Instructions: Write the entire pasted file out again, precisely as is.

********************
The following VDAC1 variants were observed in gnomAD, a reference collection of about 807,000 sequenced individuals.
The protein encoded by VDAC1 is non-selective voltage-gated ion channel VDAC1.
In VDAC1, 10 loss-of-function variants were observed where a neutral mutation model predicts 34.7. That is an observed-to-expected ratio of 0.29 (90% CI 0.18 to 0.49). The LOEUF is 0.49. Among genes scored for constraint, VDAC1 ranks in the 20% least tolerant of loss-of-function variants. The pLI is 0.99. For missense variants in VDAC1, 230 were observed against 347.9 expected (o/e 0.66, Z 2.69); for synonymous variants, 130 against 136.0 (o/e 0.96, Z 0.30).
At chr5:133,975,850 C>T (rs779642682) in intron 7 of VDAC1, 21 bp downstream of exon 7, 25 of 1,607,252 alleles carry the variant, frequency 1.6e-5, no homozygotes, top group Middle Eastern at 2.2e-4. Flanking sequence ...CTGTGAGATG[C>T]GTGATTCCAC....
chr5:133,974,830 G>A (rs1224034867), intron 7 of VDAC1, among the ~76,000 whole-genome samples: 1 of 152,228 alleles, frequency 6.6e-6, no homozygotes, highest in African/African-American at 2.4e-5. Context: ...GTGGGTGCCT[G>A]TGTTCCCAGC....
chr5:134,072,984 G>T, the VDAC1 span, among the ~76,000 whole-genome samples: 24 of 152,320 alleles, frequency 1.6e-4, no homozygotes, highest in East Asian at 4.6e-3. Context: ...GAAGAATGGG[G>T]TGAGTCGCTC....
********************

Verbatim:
The following VDAC1 variants were observed in gnomAD, a reference collection of about 807,000 sequenced individuals.
The protein encoded by VDAC1 is non-selective voltage-gated ion channel VDAC1.
In VDAC1, 10 loss-of-function variants were observed where a neutral mutation model predicts 34.7. That is an observed-to-expected ratio of 0.29 (90% CI 0.18 to 0.49). The LOEUF is 0.49. Among genes scored for constraint, VDAC1 ranks in the 20% least tolerant of loss-of-function variants. The pLI is 0.99. For missense variants in VDAC1, 230 were observed against 347.9 expected (o/e 0.66, Z 2.69); for synonymous variants, 130 against 136.0 (o/e 0.96, Z 0.30).
At chr5:133,975,850 C>T (rs779642682) in intron 7 of VDAC1, 21 bp downstream of exon 7, 25 of 1,607,252 alleles carry the variant, frequency 1.6e-5, no homozygotes, top group Middle Eastern at 2.2e-4. Flanking sequence ...CTGTGAGATG[C>T]GTGATTCCAC....
chr5:133,974,830 G>A (rs1224034867), intron 7 of VDAC1, among the ~76,000 whole-genome samples: 1 of 152,228 alleles, frequency 6.6e-6, no homozygotes, highest in African/African-American at 2.4e-5. Context: ...GTGGGTGCCT[G>A]TGTTCCCAGC....
chr5:134,072,984 G>T, the VDAC1 span, among the ~76,000 whole-genome samples: 24 of 152,320 alleles, frequency 1.6e-4, no homozygotes, highest in East Asian at 4.6e-3. Context: ...GAAGAATGGG[G>T]TGAGTCGCTC....